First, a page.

They might be interested in moving Manson since, after the coming year, they’ll need to pay him real money and they have a lot of defence depth. They also have the medical reports on their guys who just had surgery, so they have a real timeline on their return, not the one everyone else is guessing from.

But the less they want to trade him, and the more they want to move Vatanen, the better the price becomes on one and not the other.

Trading James van Riemsdyk for Manson sounds great, but then the Ducks still have that expansion draft mess and they might need to buyout Bieksa to fix it, and his is a 35-plus contract, so there is no cap savings in buying him out. So do they want another big contract to add to their pile of big contracts for guys over 30? Meanwhile, back on the Leafs, there’s a hole on left wing that’s difficult to fill.

The Ducks look to me like a team that need young talent that can score. And to get Manson for that, you have to give up a good one (no, not Nylander) or two, and likely a pick.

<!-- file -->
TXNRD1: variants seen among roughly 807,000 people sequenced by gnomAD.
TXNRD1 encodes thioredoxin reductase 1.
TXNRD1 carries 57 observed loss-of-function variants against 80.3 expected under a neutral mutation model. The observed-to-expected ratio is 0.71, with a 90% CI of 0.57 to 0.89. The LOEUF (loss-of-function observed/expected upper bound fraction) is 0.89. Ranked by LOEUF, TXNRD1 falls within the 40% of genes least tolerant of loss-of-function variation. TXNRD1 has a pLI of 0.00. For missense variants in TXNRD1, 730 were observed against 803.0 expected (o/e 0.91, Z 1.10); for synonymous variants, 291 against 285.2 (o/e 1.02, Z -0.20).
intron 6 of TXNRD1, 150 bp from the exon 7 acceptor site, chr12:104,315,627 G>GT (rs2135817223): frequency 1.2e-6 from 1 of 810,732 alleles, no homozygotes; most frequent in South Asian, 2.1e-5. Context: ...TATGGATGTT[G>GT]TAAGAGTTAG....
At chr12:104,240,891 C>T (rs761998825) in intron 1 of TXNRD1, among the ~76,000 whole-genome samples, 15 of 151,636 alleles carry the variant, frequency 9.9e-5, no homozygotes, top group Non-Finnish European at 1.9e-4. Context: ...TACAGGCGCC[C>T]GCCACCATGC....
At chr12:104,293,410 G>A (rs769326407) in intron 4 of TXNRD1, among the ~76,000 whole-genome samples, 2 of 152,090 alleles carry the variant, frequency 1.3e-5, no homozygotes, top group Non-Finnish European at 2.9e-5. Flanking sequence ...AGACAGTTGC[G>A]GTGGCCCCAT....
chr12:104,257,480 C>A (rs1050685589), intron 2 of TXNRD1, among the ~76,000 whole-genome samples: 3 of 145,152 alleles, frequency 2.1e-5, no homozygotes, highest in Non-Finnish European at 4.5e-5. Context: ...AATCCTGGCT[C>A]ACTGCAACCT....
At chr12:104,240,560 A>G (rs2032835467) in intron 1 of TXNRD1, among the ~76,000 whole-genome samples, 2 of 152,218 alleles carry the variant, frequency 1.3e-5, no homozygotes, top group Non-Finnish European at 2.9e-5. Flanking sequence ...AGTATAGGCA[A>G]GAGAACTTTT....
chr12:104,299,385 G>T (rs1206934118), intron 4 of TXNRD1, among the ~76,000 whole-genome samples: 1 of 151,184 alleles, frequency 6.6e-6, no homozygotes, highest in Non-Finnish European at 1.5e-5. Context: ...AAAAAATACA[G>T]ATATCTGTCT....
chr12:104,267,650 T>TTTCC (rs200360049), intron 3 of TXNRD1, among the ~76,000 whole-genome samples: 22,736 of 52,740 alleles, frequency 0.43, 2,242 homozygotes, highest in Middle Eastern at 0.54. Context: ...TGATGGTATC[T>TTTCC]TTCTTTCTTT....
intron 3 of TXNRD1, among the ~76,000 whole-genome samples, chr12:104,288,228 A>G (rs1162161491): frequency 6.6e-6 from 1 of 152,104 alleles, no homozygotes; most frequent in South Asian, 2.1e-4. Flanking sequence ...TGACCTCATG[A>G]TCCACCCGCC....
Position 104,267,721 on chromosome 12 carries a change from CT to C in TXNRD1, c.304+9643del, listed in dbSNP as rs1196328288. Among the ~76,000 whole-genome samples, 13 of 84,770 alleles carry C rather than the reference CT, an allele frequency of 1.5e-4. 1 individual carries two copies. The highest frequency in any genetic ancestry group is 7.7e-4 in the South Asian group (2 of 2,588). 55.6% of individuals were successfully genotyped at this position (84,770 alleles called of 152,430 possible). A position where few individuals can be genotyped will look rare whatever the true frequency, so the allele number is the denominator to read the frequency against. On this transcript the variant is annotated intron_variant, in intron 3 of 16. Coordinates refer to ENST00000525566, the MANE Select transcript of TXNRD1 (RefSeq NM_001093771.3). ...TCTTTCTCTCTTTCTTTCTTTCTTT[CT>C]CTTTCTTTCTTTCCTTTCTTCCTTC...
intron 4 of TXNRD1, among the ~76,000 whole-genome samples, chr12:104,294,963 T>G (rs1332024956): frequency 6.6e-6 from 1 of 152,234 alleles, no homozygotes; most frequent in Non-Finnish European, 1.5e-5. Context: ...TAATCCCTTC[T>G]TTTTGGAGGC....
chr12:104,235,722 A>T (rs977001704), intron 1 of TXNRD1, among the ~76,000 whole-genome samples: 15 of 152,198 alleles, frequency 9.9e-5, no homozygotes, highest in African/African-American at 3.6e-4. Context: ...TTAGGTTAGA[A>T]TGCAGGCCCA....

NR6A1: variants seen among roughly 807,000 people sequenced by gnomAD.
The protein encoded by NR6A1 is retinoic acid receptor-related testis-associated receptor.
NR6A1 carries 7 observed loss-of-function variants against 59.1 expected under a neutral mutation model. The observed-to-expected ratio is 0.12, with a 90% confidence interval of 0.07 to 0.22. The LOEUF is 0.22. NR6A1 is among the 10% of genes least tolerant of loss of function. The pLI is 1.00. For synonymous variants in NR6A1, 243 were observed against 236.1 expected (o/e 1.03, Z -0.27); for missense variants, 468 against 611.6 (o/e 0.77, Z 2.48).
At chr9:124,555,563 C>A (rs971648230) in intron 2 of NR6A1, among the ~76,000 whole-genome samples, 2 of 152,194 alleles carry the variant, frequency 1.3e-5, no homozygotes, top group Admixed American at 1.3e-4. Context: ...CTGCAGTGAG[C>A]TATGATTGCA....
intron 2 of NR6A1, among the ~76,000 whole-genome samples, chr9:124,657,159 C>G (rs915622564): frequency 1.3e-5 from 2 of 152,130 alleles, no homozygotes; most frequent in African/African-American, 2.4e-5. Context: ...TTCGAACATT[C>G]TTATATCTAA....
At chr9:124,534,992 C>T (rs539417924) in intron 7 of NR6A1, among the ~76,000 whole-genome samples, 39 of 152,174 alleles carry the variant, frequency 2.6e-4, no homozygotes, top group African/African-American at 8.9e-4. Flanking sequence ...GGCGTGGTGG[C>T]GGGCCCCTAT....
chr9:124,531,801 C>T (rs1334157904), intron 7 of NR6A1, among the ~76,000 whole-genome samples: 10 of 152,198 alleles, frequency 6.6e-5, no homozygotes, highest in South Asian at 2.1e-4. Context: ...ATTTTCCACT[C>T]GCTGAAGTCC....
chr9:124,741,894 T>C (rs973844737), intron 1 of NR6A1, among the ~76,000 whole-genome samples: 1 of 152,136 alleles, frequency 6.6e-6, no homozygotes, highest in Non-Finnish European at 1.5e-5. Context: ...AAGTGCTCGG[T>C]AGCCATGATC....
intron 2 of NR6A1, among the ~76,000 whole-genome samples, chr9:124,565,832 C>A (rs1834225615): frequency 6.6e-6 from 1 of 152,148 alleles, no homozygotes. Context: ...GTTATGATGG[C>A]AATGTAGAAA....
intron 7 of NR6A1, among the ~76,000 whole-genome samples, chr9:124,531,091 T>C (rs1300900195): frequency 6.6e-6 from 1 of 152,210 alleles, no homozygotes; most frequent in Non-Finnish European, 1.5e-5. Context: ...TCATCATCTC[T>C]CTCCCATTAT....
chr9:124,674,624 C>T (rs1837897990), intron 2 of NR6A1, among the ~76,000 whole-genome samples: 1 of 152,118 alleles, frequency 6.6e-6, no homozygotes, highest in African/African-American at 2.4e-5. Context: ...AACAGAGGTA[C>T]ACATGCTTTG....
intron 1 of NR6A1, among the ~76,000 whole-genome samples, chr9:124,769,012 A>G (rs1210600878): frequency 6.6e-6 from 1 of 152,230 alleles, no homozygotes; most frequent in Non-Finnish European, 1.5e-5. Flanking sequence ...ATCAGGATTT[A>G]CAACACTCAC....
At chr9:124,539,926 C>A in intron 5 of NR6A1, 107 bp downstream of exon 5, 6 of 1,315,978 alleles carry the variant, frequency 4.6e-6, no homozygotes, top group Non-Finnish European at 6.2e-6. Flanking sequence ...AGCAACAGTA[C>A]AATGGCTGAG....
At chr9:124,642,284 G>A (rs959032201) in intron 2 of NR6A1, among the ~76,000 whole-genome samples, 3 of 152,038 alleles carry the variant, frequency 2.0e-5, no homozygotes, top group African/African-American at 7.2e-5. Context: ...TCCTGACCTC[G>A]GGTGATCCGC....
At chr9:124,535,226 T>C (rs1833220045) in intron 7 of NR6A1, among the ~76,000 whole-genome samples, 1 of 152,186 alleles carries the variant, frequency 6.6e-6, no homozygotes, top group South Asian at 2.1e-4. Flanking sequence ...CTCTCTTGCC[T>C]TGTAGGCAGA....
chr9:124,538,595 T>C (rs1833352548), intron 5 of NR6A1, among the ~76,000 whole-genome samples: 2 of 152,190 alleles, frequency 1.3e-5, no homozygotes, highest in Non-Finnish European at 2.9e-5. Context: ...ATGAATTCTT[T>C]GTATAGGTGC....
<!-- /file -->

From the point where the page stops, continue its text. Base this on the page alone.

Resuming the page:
The pick though? Would it take the first and a prospect(s) to get him? Defence is the one thing everyone wants. You can, if you like, calculate the worth of Manson in some way, judge his future point share or something and assign a value, and you still haven’t figured out what he’ll cost. He’ll cost, if he’s available, what the seller wants in return, and more of whatever that is than Buffalo, Colorado, the Rangers, the Lightning and any number of other teams will pay.

That’s the first cost. The second cost is paid this time next summer.

The future contract

Manson will be an RFA next summer, and he’s not signing another two-year deal for under a million. If he comes to the Leafs and is played as a top four defender, he’ll get paid like one. So all of the current top four guys are in the four to five million range, and he would be too.

A five by five deal seems like the range you’d have to pay. The term might have to go up to keep the cap hit down. So, what Tanev already makes, in other words, but with more term.

If the Leafs acquire Manson, that future cost has to fit with what they will be paying all their other RFAs as they come out of bargain price range too. What might be a motive for Anaheim to move him, is also a reason for the Leafs to be sure he’s the guy they want.

Is he the right guy?

He’s a perfect fit, more perfecter than Tanev in some ways. He is every bit of the hard-hitting tough guy that Polak is, but he’s also good at driving play in the right direction. He has the right end-goal when he uses his size and strength, keeping the puck out of his own net and sending it up-ice where it belongs.